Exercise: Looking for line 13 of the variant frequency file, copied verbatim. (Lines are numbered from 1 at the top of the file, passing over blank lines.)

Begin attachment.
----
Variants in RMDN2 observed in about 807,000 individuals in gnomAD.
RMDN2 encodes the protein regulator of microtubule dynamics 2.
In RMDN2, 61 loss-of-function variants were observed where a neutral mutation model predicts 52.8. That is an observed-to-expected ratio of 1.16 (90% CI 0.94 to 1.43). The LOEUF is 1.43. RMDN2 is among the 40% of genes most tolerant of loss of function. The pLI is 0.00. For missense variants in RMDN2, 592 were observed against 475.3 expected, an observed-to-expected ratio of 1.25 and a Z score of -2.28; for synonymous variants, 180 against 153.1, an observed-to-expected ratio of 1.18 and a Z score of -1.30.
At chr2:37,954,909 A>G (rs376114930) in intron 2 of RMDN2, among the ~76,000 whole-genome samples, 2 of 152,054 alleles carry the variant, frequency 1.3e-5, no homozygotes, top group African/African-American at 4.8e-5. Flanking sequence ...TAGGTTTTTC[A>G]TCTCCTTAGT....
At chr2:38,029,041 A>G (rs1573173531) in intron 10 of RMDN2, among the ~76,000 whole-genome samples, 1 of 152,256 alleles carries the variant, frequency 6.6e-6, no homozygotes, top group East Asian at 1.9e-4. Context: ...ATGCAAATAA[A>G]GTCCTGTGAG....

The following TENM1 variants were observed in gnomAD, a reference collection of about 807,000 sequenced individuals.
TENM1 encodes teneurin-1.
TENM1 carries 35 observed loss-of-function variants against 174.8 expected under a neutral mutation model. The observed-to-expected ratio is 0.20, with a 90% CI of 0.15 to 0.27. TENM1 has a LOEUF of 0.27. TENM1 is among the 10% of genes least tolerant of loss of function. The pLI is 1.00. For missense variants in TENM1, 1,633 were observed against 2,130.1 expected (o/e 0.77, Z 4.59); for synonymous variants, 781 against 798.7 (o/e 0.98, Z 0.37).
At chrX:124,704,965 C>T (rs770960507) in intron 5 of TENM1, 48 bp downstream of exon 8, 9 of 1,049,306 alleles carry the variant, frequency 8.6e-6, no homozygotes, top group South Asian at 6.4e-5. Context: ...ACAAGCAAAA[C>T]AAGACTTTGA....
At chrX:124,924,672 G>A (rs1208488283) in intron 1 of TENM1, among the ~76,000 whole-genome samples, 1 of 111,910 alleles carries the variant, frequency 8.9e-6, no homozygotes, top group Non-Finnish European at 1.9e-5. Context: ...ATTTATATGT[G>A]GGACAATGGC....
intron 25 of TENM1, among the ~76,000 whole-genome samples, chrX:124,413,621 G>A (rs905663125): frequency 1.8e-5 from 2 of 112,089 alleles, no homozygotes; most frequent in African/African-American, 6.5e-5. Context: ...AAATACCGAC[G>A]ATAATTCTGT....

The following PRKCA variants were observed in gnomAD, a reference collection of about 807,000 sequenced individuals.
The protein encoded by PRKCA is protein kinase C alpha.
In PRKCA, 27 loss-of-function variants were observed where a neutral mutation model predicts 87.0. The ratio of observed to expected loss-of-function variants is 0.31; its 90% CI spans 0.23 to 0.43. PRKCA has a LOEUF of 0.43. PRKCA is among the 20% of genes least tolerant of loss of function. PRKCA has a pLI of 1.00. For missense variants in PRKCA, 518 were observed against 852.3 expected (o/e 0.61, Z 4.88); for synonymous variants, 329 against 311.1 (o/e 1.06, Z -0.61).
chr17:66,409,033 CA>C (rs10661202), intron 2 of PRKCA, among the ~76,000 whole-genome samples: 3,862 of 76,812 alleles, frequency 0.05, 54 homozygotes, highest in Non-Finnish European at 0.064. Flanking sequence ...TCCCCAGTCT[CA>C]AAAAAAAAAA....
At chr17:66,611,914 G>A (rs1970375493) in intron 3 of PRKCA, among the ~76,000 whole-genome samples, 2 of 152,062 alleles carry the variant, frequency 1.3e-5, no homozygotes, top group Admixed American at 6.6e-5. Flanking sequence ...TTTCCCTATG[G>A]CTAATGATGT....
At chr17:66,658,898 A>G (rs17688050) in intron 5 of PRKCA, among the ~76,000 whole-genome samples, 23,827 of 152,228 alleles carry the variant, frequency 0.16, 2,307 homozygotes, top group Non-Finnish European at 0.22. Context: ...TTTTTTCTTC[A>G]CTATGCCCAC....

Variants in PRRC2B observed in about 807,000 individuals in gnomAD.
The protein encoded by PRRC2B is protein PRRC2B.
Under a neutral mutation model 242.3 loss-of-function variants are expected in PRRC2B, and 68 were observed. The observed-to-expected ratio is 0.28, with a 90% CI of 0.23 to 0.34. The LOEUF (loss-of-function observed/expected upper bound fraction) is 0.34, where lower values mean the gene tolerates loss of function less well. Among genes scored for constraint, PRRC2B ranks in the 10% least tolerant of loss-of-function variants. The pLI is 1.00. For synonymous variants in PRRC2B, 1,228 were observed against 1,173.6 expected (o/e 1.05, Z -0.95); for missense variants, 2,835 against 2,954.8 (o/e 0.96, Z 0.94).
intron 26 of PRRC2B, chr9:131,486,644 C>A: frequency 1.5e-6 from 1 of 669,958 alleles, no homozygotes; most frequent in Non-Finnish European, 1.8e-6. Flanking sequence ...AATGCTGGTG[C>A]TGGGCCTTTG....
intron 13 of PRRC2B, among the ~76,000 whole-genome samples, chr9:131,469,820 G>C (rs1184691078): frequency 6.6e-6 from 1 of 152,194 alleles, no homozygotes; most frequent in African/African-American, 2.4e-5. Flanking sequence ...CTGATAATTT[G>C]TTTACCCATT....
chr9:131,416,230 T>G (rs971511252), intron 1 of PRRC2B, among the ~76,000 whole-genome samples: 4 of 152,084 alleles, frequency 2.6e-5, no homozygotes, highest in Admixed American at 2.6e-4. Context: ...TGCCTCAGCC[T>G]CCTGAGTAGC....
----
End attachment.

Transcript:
The protein encoded by PRKCA is protein kinase C alpha.